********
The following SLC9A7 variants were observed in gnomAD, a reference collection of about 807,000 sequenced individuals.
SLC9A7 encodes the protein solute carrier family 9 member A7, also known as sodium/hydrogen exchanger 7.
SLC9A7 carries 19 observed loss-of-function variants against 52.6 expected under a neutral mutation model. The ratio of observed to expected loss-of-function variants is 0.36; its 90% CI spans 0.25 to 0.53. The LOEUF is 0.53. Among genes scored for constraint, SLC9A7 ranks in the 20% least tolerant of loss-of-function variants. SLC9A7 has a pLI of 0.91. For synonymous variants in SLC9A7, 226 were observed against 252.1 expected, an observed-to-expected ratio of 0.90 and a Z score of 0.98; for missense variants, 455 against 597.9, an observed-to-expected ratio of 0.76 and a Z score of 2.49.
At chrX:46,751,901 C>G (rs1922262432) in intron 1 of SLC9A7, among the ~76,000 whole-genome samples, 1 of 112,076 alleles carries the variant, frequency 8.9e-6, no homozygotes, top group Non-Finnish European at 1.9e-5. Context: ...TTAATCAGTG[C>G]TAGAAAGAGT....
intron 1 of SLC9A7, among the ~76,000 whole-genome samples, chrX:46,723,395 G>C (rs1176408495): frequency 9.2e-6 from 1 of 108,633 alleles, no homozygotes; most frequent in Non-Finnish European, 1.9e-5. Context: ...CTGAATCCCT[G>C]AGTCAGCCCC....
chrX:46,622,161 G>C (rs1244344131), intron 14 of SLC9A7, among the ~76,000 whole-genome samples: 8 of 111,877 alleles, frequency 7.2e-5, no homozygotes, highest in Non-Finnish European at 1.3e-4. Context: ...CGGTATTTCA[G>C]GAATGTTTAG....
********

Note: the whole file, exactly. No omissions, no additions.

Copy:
The following SLC9A7 variants were observed in gnomAD, a reference collection of about 807,000 sequenced individuals.
SLC9A7 encodes the protein solute carrier family 9 member A7, also known as sodium/hydrogen exchanger 7.
SLC9A7 carries 19 observed loss-of-function variants against 52.6 expected under a neutral mutation model. The ratio of observed to expected loss-of-function variants is 0.36; its 90% CI spans 0.25 to 0.53. The LOEUF is 0.53. Among genes scored for constraint, SLC9A7 ranks in the 20% least tolerant of loss-of-function variants. SLC9A7 has a pLI of 0.91. For synonymous variants in SLC9A7, 226 were observed against 252.1 expected, an observed-to-expected ratio of 0.90 and a Z score of 0.98; for missense variants, 455 against 597.9, an observed-to-expected ratio of 0.76 and a Z score of 2.49.
At chrX:46,751,901 C>G (rs1922262432) in intron 1 of SLC9A7, among the ~76,000 whole-genome samples, 1 of 112,076 alleles carries the variant, frequency 8.9e-6, no homozygotes, top group Non-Finnish European at 1.9e-5. Context: ...TTAATCAGTG[C>G]TAGAAAGAGT....
intron 1 of SLC9A7, among the ~76,000 whole-genome samples, chrX:46,723,395 G>C (rs1176408495): frequency 9.2e-6 from 1 of 108,633 alleles, no homozygotes; most frequent in Non-Finnish European, 1.9e-5. Context: ...CTGAATCCCT[G>C]AGTCAGCCCC....
chrX:46,622,161 G>C (rs1244344131), intron 14 of SLC9A7, among the ~76,000 whole-genome samples: 8 of 111,877 alleles, frequency 7.2e-5, no homozygotes, highest in Non-Finnish European at 1.3e-4. Context: ...CGGTATTTCA[G>C]GAATGTTTAG....